At the monthly Art Crawl, he was introduced to architect Bill Curran - "Tim, meet Bill - Bill, meet Tim - you two should talk".  They talked, discovered that they shared many of the same ideas and from that conversation, the purchase and renovation of 118 James Street North had its genesis.
Now it houses the offices of the CBC, as well as the new Design Annex.
"The Annex," explains Louise Dompierre, President and CEO of the Art Gallery of Hamilton, "is a new branch of the Art Gallery where people will be able to see experimental exhibitions and discover new products, many of which will be made by local artist and artisans."

It is a "Creativity Lab" where exhibitions will be mounted and intimate musical performances will be held. The Art + Design Store will feature products for home and office as well as rental art.

The inaugural Design Annex exhibition is a 30 foot exposed brick wall hung with poly curtains informed by the architecture of the building.  Created by the artists' collective WE-3, Grand Drape is comprised of curtains lasercut with a pattern inspired by the original tin ceiling.
I'm not crazy about it - looks a bit amateurish, particularly with the limpness of the plastic that allows the curtains to droop and thus makes the design problematic.  But I like the idea and the inspiration for it.
Have a look at it here, where Mayor Bob Bratina is delivering his welcome speach with the curtain as backdrop....
The works in the Design Annex shop are different and exciting, however, and this will be a perfect place to find gifts and design objects for the home that are unique.  This will also be a home for local artists and artisans to launch new works and for local and world music groups to perform.
It's a creative addition to the neighbourhood and one that will hopefully encourage more development on James.

Design Annex
Art Gallery of Hamilton
118 James Street North, Hamilton
Tuesday-Wednesday, 11 am-6pm
Thursday, 11 am-8pm
Friday, 11am-6pm
Saturday and Sunday, 10 am-5 pm
closed Monday
James Street North Art Crawl (2nd Friday of the month) 11 am -11pm.

Wednesday, June 6, 2012

Local Gems: Cake & Loaf

Nickey and Josie are the spirit and energy behind this new bakery on Dundurn in Hamilton.

If for no other reason, come here for the Nanaimo Bars.   They are addictive, in a very good way.  Made completely from scratch, including the custard centre which is almost always made from a powder, even by home cooks, these bars are the best I have ever had. (Sorry, Mom!)

There are many more reasons to visit. These two young ladies, who met at Niagara College while both were taking the Baking Apprentice course, and reconnected on Facebook, opened Cake & Loaf Bakery  at the end of August in 2011, and have been local favourites ever since. Their passion is centred on local and fresh ingredients and a committment to connecting with a community of local farmers and suppliers.
"If I had to sum up our philosophy" says Josie, "I would say we believe in local and fresh, without messing it up too much!"  They are seriously dedicated to supporting local farmers, and making everything from scratch.
There are several savoury dishes on the menu, prepared by local chef Sarah Guinan, as well as freshly baked breads, vegan specialties, great baked goods and coffee from Detour Coffee.

The proof is in the eating.
Grab a selection of the delectable desserts for your family, for your friends at work, or for yourself. Everything hs been freshly made, with no pre-made additives, from fresh butter, farm eggs and local flour from Oak Manor.

 A favourite with children is the Ginger Crinkle Cookie.

 Imagine a cup of tea and a slab of the Cake & Loaf's  S'mores, - they even make their own graham crackers.

Pecan bars are loaded with nuts.

And the brownies are dense, intense and decadent.

Drop in to this local bakery which is dedicated to the best ingredients, and whose baking is top quality.
And keep an eye out for their summer specials - Ice Cream sandwiches made from freshly homemade ice cream, and individualized picnic baskets for summer excursions, weekend getaways or hostess gifts.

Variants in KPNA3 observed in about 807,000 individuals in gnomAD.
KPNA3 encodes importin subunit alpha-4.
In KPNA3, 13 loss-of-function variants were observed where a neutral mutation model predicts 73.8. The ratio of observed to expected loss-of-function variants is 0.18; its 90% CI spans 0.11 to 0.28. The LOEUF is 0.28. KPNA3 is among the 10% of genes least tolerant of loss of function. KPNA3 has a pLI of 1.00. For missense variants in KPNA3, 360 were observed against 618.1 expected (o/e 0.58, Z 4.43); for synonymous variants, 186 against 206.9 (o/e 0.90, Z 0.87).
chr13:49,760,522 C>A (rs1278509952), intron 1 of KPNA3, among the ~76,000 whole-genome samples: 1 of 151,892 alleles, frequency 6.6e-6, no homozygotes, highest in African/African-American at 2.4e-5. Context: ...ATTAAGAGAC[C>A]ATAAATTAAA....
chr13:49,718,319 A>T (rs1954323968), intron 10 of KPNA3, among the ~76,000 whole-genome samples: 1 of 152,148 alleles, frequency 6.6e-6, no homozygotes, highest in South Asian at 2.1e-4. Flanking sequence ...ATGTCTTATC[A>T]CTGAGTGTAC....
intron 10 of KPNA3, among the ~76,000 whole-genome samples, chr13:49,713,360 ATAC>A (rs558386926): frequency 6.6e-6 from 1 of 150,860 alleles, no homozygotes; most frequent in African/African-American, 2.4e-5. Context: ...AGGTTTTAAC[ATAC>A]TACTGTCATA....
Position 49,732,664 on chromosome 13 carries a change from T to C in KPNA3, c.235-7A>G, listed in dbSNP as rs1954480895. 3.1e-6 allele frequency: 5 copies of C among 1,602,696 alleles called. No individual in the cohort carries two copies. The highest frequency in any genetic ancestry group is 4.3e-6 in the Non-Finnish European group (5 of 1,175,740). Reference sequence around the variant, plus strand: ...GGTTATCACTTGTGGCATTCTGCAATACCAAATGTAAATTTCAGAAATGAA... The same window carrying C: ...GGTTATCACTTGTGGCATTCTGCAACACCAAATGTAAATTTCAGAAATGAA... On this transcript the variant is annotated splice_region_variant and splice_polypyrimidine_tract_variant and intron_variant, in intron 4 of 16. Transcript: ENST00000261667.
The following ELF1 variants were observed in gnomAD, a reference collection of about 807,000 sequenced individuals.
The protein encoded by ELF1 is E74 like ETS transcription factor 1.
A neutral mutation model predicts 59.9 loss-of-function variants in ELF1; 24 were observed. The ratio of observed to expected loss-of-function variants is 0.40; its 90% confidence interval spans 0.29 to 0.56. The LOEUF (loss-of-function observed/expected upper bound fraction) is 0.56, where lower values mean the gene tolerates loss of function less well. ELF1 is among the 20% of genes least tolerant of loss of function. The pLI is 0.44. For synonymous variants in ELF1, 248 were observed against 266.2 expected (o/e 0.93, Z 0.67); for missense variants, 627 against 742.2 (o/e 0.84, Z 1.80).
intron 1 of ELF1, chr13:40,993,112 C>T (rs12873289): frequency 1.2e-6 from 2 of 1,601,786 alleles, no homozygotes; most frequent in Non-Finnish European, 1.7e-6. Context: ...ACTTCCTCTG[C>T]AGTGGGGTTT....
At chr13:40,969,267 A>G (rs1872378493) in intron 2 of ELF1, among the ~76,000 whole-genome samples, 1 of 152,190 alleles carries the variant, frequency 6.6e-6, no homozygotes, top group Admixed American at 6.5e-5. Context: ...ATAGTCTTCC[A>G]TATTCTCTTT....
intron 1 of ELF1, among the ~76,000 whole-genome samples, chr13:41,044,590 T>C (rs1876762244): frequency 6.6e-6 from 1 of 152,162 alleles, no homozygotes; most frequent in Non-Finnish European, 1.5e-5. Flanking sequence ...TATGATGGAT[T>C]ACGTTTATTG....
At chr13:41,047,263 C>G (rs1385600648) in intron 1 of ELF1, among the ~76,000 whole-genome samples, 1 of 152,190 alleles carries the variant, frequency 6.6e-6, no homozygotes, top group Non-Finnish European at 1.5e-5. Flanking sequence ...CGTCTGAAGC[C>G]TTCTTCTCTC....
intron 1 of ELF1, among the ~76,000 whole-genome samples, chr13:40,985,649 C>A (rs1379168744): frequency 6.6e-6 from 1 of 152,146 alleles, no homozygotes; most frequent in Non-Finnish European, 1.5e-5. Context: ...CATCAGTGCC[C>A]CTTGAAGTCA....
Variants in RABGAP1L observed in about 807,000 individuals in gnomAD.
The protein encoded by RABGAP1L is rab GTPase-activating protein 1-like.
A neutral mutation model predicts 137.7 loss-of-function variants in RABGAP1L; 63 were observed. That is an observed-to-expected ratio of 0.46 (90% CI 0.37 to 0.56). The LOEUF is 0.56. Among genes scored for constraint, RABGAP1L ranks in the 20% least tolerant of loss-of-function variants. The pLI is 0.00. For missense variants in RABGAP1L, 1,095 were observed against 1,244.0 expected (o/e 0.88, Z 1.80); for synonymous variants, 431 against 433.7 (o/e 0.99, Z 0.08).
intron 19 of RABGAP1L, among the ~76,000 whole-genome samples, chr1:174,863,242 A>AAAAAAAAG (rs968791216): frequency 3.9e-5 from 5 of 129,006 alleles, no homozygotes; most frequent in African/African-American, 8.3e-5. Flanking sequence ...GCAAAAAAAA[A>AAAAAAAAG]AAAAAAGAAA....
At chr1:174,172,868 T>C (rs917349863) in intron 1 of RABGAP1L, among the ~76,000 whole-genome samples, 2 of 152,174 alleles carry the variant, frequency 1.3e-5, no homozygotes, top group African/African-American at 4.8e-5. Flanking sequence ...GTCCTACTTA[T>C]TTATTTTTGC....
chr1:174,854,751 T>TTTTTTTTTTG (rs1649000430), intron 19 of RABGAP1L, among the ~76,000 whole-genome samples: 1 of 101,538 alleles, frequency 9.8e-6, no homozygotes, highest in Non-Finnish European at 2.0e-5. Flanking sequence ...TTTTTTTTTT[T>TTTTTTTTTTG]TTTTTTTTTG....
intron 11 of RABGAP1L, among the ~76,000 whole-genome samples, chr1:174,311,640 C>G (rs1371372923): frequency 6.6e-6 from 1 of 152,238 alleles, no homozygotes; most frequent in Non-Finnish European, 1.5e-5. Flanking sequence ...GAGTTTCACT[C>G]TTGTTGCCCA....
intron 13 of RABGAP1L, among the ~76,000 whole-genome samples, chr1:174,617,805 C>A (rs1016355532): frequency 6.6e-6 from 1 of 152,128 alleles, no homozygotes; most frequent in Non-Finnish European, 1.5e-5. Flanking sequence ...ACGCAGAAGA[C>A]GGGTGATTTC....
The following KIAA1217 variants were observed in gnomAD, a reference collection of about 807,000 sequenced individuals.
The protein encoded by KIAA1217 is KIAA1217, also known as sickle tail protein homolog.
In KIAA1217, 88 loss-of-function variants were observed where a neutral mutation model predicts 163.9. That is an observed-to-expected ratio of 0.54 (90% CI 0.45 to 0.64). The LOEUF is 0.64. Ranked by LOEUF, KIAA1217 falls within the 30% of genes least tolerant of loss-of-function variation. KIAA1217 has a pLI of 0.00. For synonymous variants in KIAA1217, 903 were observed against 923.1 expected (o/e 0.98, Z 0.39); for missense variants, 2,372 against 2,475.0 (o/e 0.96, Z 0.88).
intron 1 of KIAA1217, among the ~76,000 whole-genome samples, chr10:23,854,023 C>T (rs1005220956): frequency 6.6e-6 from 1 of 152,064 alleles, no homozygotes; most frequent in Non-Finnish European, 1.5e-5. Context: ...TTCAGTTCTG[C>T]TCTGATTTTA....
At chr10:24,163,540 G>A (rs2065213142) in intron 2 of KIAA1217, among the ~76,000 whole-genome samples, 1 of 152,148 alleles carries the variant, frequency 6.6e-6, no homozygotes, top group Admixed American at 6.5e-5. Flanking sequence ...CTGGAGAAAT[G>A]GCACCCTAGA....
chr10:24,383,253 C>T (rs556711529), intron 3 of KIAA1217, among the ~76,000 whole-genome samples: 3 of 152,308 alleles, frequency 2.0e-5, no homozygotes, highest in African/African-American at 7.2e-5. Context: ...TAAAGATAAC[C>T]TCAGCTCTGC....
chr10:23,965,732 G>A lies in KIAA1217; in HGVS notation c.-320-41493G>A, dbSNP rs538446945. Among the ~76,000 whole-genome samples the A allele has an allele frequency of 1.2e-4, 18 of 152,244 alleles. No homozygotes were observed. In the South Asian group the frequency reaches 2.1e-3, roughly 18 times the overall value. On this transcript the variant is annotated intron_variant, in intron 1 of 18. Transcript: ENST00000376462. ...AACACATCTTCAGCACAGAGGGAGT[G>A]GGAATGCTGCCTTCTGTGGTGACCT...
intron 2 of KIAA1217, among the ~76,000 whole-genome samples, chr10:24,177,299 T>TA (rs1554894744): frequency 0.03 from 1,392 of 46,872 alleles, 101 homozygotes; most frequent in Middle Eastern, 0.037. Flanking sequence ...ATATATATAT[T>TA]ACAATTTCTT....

Cake & Loaf Bakery
Nicole Sherman and Josie Rudderham
321 Dundurn St. S.

Monday, April 30, 2012

Animals Who Steal The Scene: Part Three

Cats Around The World

Full disclosure here - I am a cat person, have been forever.  So I notice them when I travel.  Like this lovely tabby above - he was the resident cat in a canal house museum in Amsterdam.(Museum Willet-Holthuysen,)  He was happy to be petted by any visitors to the canal house gardens, purring loudly and cuddling up indiscriminately. He was a pleasant grace note in that historic garden.

And cats seem to be everywhere.  A new study says that cats outnumber dogs as pets, but many of the cats I have seen on my travels have been more like free spirits than somebody's tame kitty.  

In the centre of Rome I was astounded to come upon an important archaeological dig of historic ruins that was densely populated with cats. Torre Argentina is home to about 250 feline friends, sheltered amongst the oldest temples in Rome. 

 Seven days a week, volunteers from different countries feed, clean and look after them. Visitors can help by donating, or even by adopting one of the cats.  You can watch a video of one of the cats, Eva, being bathed lovingly by the staff at Torre Argentina.  She is a rescued cat who cannot wash herself.  Amazing to see all the cats sunning themselves happily in this historic place in the centre of Rome - it is said to be the place where Julius Caesar was stabbed by his friends, with Brutus dealing the first - "Et Tu, Brute?" - and most painful cut.

In New Zealand, I visited a farm and culinary store, where cats lounged in the sun, greeting visitors with haughty dignity.

And in Israel, in the ancient ruins of the city of Massada, where I had climbed in the dawn darkness to be on hand to witness the dramatic sunrise over the Dead Sea, this lazy gentleman was there before me, scratching his back on the ancient stones.
Mexico has its share of cats, and in one of the markets in Puerto Vallarta, I came across a table set up by a group who ran a home for homeless and abandoned cats.  "People drive by and throw kittens over our wall into the garden.  I guess they know we will take care of them." one of the organizers told me.

An artsy cat in an art gallery in Jaffa in Israel was intriguing.  I loved his coloured face, part orange, part black. He had the artistic temperment to go with his surroundings, too - aloof but willing to accept any attention.

This is a beloved cat from Rochester, since passed on.

And these are my girls, sisters who usually get along quite well, unless cat treats are involved.

They are allowed to roam in the back garden, but only on a rope, as the ravine harbours coyotes who have killed cats in the past.
It's clear that cats are worldly creatures.  But so are dogs - the next post's subject.